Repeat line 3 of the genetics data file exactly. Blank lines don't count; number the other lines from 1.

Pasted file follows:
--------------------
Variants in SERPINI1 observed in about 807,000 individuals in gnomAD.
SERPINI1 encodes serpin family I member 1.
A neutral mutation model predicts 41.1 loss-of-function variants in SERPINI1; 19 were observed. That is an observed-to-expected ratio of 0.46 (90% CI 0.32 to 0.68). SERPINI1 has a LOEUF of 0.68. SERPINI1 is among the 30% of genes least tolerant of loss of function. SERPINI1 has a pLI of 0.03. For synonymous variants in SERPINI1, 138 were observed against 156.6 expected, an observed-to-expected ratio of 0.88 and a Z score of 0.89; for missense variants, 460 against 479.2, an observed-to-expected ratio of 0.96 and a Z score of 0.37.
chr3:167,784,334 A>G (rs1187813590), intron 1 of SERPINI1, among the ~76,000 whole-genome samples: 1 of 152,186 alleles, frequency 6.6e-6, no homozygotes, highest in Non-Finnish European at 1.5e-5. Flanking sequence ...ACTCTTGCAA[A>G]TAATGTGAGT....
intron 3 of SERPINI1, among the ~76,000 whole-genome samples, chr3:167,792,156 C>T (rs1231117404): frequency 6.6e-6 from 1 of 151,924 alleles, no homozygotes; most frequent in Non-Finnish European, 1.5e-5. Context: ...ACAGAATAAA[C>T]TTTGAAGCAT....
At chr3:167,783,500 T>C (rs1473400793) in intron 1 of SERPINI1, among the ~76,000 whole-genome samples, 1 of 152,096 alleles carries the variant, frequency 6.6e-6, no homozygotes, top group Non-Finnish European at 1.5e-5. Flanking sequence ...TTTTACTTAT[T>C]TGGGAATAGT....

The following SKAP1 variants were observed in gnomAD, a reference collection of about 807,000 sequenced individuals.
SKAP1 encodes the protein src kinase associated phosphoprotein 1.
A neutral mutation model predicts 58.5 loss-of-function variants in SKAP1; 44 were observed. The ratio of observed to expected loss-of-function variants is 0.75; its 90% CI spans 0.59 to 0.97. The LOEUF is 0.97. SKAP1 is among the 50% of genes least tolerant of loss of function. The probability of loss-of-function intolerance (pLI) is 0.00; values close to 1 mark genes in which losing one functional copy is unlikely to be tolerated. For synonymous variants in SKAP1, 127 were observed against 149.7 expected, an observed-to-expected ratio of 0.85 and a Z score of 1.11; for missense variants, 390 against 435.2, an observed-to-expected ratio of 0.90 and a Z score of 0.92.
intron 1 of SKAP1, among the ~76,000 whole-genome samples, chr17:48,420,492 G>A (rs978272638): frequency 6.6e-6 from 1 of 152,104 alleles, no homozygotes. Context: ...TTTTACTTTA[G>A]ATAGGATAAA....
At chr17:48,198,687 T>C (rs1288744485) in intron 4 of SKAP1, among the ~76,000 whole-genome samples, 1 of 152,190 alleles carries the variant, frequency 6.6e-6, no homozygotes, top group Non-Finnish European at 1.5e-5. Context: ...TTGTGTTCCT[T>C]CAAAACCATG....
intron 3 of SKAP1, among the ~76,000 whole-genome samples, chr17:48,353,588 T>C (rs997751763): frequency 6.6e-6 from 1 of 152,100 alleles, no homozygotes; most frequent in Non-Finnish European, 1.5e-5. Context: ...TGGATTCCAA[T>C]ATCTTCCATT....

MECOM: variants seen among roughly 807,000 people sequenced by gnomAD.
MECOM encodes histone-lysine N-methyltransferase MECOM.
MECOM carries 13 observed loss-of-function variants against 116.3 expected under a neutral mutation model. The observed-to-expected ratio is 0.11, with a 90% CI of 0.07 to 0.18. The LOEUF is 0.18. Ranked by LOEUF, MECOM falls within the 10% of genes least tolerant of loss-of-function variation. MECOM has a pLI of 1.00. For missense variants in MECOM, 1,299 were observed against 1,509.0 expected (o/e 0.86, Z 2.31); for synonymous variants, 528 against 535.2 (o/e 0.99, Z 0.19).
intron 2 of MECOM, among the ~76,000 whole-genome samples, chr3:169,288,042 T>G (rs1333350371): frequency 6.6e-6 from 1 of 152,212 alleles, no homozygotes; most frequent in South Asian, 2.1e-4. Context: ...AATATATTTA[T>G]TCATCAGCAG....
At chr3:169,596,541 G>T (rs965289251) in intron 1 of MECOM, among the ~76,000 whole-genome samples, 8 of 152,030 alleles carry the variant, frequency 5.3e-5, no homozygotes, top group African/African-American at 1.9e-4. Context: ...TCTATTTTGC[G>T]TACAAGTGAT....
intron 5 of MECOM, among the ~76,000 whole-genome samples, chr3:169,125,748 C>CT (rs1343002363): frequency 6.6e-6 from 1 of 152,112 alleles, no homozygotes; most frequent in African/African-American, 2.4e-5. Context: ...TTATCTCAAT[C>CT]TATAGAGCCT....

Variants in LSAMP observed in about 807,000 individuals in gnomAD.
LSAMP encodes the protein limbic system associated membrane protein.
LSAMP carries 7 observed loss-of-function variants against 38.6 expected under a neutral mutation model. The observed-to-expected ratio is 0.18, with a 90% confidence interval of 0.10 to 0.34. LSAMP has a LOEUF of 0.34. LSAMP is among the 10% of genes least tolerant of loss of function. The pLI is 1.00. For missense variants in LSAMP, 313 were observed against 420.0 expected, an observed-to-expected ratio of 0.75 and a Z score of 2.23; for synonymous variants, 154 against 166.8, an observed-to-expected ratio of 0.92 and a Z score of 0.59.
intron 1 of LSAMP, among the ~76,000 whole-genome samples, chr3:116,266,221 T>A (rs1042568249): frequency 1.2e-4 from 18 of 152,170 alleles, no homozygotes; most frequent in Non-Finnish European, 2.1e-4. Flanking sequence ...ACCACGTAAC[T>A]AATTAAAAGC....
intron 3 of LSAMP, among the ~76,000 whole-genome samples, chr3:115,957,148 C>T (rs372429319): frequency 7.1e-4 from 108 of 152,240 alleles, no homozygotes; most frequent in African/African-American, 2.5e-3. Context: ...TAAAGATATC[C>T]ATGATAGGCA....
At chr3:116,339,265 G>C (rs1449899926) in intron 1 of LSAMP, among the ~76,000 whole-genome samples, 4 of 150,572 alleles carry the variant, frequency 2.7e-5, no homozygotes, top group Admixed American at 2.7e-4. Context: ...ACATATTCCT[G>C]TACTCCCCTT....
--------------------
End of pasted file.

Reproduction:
A neutral mutation model predicts 41.1 loss-of-function variants in SERPINI1; 19 were observed. That is an observed-to-expected ratio of 0.46 (90% CI 0.32 to 0.68). SERPINI1 has a LOEUF of 0.68. SERPINI1 is among the 30% of genes least tolerant of loss of function. SERPINI1 has a pLI of 0.03. For synonymous variants in SERPINI1, 138 were observed against 156.6 expected, an observed-to-expected ratio of 0.88 and a Z score of 0.89; for missense variants, 460 against 479.2, an observed-to-expected ratio of 0.96 and a Z score of 0.37.